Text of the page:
Because the Yugo was built as a "Yugoslav" car with political problems and civil war breaking out in 1990–91, production slowed down and the supply of parts was interrupted. Most of the plastic came from Croatia, while the alternator and electrical equipment came from Slovenia. With the start of civil war, economic and transportation ties were broken, resulting in shortage of most parts coming from the two seceded republics. Though the sanctions were not in place until May 1992, Yugos built between June 1991 and early 1996 were built with a variety of "leftover" parts: as an example, it was possible to get a car with a blue dashboard which had a brown steering wheel, seats that were mismatched in color, and most likely an "American" instrument cluster with speeds printed in MPH rather than km/h, and with written labels like water and oil instead of small drawings, and a seatbelt safety warning light. In some extreme cases the car would come with different interior panels and a steering wheel from other Zastava products such as the Zastava 750. When exports to United States (and the rest of the world) stopped, there was a number of federalized Yugos still left in the factory's parking lots, and many people got these "American" Yugos instead of the European ones. When Yugoslavia broke apart in the early 1990s, production rates steeply declined to 14,000 in 1992, 7,000 in 1993 and 1994, and 9,000 in 1995. In 1996, when sanctions were lifted, production rates slowly increased as living standards in the former Yugoslavia started to improve. Even so, problems for the factory started once again when it was put out of production in mid-1999 as a result of war with NATO.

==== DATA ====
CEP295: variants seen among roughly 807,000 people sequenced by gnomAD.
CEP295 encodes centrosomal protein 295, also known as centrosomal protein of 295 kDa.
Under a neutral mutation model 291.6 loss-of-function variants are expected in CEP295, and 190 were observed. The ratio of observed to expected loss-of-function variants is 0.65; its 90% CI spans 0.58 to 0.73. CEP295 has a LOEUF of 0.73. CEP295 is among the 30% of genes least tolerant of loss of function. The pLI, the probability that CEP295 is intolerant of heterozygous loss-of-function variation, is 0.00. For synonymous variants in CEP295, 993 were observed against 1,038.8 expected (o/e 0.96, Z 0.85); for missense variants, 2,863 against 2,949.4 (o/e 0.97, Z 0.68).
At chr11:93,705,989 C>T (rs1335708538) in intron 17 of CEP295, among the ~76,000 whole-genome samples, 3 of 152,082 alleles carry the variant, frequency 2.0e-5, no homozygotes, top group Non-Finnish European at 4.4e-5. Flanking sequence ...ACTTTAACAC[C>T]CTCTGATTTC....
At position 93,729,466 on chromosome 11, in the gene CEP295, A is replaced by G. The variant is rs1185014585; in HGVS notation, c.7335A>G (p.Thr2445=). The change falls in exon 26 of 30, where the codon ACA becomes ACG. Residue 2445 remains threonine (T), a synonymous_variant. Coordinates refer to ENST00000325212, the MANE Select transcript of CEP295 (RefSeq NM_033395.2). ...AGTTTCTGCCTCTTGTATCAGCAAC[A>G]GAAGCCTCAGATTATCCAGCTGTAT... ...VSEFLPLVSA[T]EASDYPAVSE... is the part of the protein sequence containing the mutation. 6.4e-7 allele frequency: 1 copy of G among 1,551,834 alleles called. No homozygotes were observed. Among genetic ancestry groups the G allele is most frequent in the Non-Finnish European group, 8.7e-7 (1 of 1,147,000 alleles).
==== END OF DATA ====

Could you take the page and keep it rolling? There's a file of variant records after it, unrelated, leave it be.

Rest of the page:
Criticism and response
Along with other Central and Eastern European vehicles marketed in the West during the 20th century — such as the Lada and Škoda - the Yugo was subjected to derision by critics who pointed to its use of old-generation Fiat technology and to alleged issues with build quality and reliability. The Yugo was voted Car Talk's worst car of the millennium.

Defenders of the vehicle have counter-argued that the Yugo's reputation suffered due to an issue that also appeared with initially inexpensive cars as the Chevrolet Chevette, Rambler, Crosley, and others — dealers were finding that too many owners were considering inexpensive cars as "disposable", and were failing to perform basic maintenance such as oil changes.

Media appearances
Movies

  • Nick and Norah's Infinite Playlist
  • The Birdcage
  • The Great Outdoors, starring John Candy & Dan Aykroyd. The car is seen briefly in the scene when Candy is taunting wild bears to come eat food on his car.
  • The Yugo car model is used extensively in the film Drowning Mona, which also begins with a seemingly irrelevant blurb mentioning Verplanck, a hamlet and census-designated place (CDP) located in the town of Cortlandt, Westchester County, New York, (where the film is set) as a Yugo test site.
  • Die Hard with a Vengeance, Bruce Willis is seen driving a yellow Yugo on the FDR Drive in NYC (Samuel L. Jackson is in the passenger seat). Used by Bruce Willis & Samuel L Jackson to drive from the destroyed Federal Reserve Bank in New York after the convoy of dump trucks holding tons of stolen golden bars. Samuel L Jackson mentions in the movie that Yugo's are built for economy, not for speed.
  • Savior
  • The Crow, a 1994 movie; in it, a Yugo meets its demise in a collision on a rainy night with a police car.
  • Dragnet, where Joe Friday, played by Dan Aykroyd, is narrating: "After losing the two previous vehicles we had been issued, the only car the department was willing to release to us at this point was an unmarked 1987 Yugo, a Yugoslavian import donated to the department as a test vehicle by the government of that country and reflecting the cutting edge of Serbo-Croatian technology."
  • 101 Dalmatians
  • Domino
  • The Nutty Professor, a 1996 movie remake; in it, the professor makes mention of intending to purchase a Yugo instead of a sports car with his company's money.
  • Bowfinger On the wall in Bowfinger's office/home, there is a poster for the movie "The Yugo Story".
  • Cars 2 It's one of the head lemon's names in the Italy scene when Mater goes in to foil the bad guys plots